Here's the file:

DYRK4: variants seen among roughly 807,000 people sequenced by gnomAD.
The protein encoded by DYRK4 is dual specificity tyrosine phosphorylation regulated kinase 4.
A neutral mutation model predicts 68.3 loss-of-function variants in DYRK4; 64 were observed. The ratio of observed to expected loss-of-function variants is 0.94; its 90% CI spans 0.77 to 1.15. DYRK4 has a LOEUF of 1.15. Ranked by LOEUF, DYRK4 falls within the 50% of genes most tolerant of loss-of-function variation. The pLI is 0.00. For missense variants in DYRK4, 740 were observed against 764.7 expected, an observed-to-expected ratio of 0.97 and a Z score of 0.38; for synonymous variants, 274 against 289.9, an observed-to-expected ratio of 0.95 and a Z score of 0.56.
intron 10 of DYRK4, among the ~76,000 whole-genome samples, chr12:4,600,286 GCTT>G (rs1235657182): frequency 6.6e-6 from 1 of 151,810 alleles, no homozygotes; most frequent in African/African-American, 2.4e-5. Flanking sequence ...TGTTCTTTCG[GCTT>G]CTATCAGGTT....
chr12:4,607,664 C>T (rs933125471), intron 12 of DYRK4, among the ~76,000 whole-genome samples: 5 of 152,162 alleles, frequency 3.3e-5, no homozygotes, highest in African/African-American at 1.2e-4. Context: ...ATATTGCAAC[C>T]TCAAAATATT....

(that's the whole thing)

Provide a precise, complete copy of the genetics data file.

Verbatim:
DYRK4: variants seen among roughly 807,000 people sequenced by gnomAD.
The protein encoded by DYRK4 is dual specificity tyrosine phosphorylation regulated kinase 4.
A neutral mutation model predicts 68.3 loss-of-function variants in DYRK4; 64 were observed. The ratio of observed to expected loss-of-function variants is 0.94; its 90% CI spans 0.77 to 1.15. DYRK4 has a LOEUF of 1.15. Ranked by LOEUF, DYRK4 falls within the 50% of genes most tolerant of loss-of-function variation. The pLI is 0.00. For missense variants in DYRK4, 740 were observed against 764.7 expected, an observed-to-expected ratio of 0.97 and a Z score of 0.38; for synonymous variants, 274 against 289.9, an observed-to-expected ratio of 0.95 and a Z score of 0.56.
intron 10 of DYRK4, among the ~76,000 whole-genome samples, chr12:4,600,286 GCTT>G (rs1235657182): frequency 6.6e-6 from 1 of 151,810 alleles, no homozygotes; most frequent in African/African-American, 2.4e-5. Flanking sequence ...TGTTCTTTCG[GCTT>G]CTATCAGGTT....
chr12:4,607,664 C>T (rs933125471), intron 12 of DYRK4, among the ~76,000 whole-genome samples: 5 of 152,162 alleles, frequency 3.3e-5, no homozygotes, highest in African/African-American at 1.2e-4. Context: ...ATATTGCAAC[C>T]TCAAAATATT....